Today is his wife's birthday. I'm surprised he didn't take the night off to spend it with her, but it wasn't being at work that he was griping about. He seemed far more concerned with his own mortality.
Birthdays have a way of doing that to people, I guess. Perhaps they need to think more about celebrating life than fearing death.

The next time I have a birthday ending in five or zero, you may remind me that I wrote that.

I'll be home soon.

Love,
Amanda

~*~*~

Dear David,

I have seen a lot of psychotic killers in my time. Peter Barlow, though.... He was up at Laurier for assessment and escaped. He was apprehended -- but not before he killed two young women and went after a third. (She survived.)

I don't want to get into a philosophical debate over the nature of good and evil, but that man is definitely evil. He frightens me -- and I don't frighten easily. But you know what they say: face your fears or be overwhelmed by them. So I interrogated him myself, though I was never alone with him -- I'm not a fool.

Unfortunately, what we learned was unsettling. He definitely committed the second murder and attempted another -- but while he was perfectly willing to claim credit for the first murder, he didn't do it. So now we have to find a copycat. What was that tagline from one of the Jaws movies? "Just when you thought it was safe to go back in the water?" Something like that.

I just found this letter on my desk, so I may as well add to it. Perhaps we should have that discussion about good and evil after all.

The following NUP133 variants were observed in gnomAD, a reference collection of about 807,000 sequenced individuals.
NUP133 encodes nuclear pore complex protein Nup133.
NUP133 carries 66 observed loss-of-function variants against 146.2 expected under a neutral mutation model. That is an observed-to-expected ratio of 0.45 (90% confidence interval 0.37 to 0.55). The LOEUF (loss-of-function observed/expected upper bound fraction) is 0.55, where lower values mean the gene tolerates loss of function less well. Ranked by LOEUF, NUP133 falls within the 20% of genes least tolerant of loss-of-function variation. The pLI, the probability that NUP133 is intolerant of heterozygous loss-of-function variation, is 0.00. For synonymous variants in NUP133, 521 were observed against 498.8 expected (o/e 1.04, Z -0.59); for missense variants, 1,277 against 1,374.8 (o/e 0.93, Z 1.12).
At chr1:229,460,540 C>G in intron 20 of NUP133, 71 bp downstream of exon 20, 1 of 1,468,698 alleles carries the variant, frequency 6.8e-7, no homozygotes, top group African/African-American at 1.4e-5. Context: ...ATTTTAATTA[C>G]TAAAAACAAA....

We discovered how Barlow escaped from Laurier. The doctor who evaluated him helped him; she wasn't precisely sane herself. She committed the first murder. The patient was being discharged and Dr. Welsh didn't want to let her go. She killed the poor girl using Barlow's MO, then arranged for his escape to cover it up.

Knight caught up with her just as she was about to murder another patient. Instead of the victim, she poisoned herself. That.... I'm sorry, but that is not a punishment fitting her crime. Compared to what she did to Whitney Davis? Far too easy.

I'll be home soon.

Love,
Amanda

~*~*~

Dear David,

You know what they say about things being weird at the full moon? A prisoner escaped lockup tonight. No one seems to know how. The officer who was on duty at the time acts almost as if he was on something: his memory is fuzzy, and he claims the chief of police was down in the lockup. I suppose the prisoner's girlfriend could have slipped him something and taken the keys.

In any case, they're gone; her car was found abandoned near the CN Tower. Schanke suggested that they caught a train; he's probably right. We're looking for them, but I don't really expect to find them. I sent Schanke home early; he was acting punchy -- a little vague, not quite answering questions.

My only real question right now has to do with Knight and the girlfriend. It's clear that they know each other; they had a slight altercation at the station last night. I would guess that their history is not entirely harmonious. While I am confident that Knight was not the "chief of police" that Mandrake claims was down in the lockup, I had better not find out that he helped them in any way.

I'll be home soon. The moon is spectacular tonight, and it looks like I'll be able to catch moonset. If you're awake, maybe you can watch it with me.

Love,
Amanda

~*~*~

Dear David,

What a couple of days. Schanke's home troubles have been bleeding over into his work of late. It didn't help that his latest case involved marital discord. He left his wife and was staying with his partner, then they started squabbling like an old married couple.